I felt pressured to…

I’ve started many sentences with those four words. What usually follows has something to do with a job I took on or some task I said I’d help with it. Then when it comes time to do my nightly reflection or meditation, it becomes evident that no, I don’t actually want to do that thing I so abruptly said yes to. In fact, I think that thing is great, but it’s not for me.

Why did I say yes 

Now, I’m sitting in front of my notepad, journal, laptop, or myself in the mirror (I sometimes do my reflections out-loud in front of a mirror) ready to panic. After the panic comes a wave of disappointment. Insert the emotional habit where I crawl inside myself and begin beating up on Flose.

I say yes because I want to please everyone 

Wanting to please everyone means I have to stretch myself out. I want to be present the few times I see my family and friends a year. I want to have a successful career (assuming I figure out what I want to do in this little life of mine). I want to keep my anxiety under control. I want to stay true to my values. Yet! The momentary desire to please the person directly in front of me asking something I know I will likely not be able to accomplish wins.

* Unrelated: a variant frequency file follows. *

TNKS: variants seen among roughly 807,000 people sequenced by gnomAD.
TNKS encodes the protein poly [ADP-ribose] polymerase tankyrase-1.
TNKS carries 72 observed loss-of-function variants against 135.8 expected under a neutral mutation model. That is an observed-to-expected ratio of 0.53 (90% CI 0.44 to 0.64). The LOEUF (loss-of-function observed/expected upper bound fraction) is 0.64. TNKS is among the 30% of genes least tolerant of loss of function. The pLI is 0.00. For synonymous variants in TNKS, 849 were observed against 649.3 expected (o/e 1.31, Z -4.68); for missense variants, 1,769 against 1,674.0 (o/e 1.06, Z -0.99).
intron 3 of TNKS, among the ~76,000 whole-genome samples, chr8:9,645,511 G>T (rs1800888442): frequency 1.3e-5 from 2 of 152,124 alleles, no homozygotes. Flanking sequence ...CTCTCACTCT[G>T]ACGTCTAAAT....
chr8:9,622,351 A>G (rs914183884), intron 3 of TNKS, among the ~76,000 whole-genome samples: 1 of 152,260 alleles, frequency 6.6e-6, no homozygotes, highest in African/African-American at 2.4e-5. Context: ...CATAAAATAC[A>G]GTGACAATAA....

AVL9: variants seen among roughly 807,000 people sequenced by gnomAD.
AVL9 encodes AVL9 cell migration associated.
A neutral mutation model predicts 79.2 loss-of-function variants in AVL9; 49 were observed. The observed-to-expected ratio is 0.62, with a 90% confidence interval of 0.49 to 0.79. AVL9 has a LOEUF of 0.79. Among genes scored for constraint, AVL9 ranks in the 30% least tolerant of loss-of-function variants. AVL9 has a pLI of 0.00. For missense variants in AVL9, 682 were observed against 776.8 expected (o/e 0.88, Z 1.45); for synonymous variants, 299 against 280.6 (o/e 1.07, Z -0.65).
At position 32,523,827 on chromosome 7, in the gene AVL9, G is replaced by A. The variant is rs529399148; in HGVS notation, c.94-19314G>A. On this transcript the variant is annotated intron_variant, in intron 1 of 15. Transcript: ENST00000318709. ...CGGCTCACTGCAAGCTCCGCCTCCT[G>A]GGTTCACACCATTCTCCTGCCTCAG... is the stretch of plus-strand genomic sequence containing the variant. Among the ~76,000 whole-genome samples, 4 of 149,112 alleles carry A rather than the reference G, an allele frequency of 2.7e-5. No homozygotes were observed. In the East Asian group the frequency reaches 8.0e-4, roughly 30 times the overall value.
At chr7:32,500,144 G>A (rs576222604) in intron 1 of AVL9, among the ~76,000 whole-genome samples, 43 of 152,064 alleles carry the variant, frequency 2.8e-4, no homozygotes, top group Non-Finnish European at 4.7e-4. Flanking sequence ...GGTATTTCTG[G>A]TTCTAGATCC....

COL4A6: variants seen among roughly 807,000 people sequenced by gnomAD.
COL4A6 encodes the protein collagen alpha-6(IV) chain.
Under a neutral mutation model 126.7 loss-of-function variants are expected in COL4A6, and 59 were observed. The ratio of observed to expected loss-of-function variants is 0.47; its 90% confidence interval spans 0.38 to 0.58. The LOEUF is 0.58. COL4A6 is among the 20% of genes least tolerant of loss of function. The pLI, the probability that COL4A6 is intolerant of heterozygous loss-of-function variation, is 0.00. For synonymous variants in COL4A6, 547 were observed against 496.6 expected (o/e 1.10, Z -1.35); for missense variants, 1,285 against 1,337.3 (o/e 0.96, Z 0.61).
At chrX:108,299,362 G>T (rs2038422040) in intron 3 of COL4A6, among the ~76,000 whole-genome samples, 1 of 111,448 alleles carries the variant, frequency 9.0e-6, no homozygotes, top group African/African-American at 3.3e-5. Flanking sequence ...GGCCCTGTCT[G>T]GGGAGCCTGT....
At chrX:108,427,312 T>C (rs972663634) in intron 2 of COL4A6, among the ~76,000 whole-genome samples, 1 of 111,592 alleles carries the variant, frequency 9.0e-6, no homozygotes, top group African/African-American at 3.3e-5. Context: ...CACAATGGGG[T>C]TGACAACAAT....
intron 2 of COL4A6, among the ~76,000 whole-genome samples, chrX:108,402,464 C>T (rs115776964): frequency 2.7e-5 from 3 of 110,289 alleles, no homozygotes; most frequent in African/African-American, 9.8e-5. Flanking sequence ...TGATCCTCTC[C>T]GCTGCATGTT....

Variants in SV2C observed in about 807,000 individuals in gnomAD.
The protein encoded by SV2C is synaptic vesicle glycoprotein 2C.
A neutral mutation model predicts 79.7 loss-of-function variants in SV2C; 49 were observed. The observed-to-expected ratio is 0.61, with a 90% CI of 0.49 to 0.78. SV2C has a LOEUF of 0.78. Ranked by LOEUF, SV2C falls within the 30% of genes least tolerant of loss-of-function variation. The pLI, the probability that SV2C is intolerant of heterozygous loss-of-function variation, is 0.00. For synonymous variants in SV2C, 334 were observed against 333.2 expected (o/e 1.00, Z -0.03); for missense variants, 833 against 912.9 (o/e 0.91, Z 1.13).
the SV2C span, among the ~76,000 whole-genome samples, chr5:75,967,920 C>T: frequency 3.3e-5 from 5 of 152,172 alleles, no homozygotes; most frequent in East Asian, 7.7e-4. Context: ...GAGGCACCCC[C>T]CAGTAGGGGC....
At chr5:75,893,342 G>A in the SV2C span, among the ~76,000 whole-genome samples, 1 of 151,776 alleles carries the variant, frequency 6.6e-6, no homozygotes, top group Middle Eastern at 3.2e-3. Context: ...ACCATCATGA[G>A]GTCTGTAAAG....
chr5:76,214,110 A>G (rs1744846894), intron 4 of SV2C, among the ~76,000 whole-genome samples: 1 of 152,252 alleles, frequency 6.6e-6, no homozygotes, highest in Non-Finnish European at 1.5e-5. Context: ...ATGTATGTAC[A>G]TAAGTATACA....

Saying yes too soon

I have discovered it works out best for everyone when I do not say yes too soon–what a novel idea. Take your time before making any sort of commitment, because when you do not, you will end up disappointing yourself and others with a stake in the task, job, relationship, whatever.

Last night, I had a conversation with my host mom, Lorrie, where we reflected on this habit I have to please. We sat across from each cross-legged, and I asked her for a solution. In her kindest voice, she reminded me it is something I have control over. The next time someone asks something of me, instead of feeling like I can’t say no, I need to realize that I can take time to make a decision–everything is not an emergency. Of course there is pressure, the person on the other end wants to influence me to take on something they think I am capable of. It’s a healthy dose of persuasion, not insurmountable pressure meant to force me to something I don’t want to do.

Finally, she reminded me that I am 24 years old, life is a process, so I have tons of learning to do.

Life is a process 

This afternoon, I browsed the WARC (West Atlantic Redevelopment Coalition) website, and stumbled upon a quote from Chair Joycelyn Patrick.

“You repeat the lesson until you learn it.”

I went there for community research purposes as I am getting to know Delray Beach, Florida, but also found more evidence to support Lorrie’s claim that I’ll get better at decision making. I am aware that I need to hang up my people pleasing ways and align the decisions that I make with my values. There is nothing wrong with asking for time to think through something.

Life is a process, and the teaching is well underway. If I falter once more, its because I have not quite learned the lesson, rather than sulking I will get back up and keep keeping on.

 

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